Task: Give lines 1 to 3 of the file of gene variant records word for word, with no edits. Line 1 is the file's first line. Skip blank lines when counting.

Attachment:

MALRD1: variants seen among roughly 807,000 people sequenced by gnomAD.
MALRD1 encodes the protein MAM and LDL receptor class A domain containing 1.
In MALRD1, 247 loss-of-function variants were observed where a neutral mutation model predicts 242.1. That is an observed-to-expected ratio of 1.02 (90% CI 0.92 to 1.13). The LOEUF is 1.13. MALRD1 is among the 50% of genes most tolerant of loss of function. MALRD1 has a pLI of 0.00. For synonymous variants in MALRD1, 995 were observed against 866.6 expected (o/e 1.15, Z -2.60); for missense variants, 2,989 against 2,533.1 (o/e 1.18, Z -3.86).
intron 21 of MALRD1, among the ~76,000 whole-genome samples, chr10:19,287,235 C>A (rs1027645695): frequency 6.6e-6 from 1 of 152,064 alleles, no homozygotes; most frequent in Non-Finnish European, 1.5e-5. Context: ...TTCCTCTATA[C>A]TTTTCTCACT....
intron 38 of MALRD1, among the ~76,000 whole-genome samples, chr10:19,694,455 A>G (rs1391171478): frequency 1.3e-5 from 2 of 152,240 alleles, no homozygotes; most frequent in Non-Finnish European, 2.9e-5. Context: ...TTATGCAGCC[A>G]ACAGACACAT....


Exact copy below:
MALRD1: variants seen among roughly 807,000 people sequenced by gnomAD.
MALRD1 encodes the protein MAM and LDL receptor class A domain containing 1.
In MALRD1, 247 loss-of-function variants were observed where a neutral mutation model predicts 242.1. That is an observed-to-expected ratio of 1.02 (90% CI 0.92 to 1.13). The LOEUF is 1.13. MALRD1 is among the 50% of genes most tolerant of loss of function. MALRD1 has a pLI of 0.00. For synonymous variants in MALRD1, 995 were observed against 866.6 expected (o/e 1.15, Z -2.60); for missense variants, 2,989 against 2,533.1 (o/e 1.18, Z -3.86).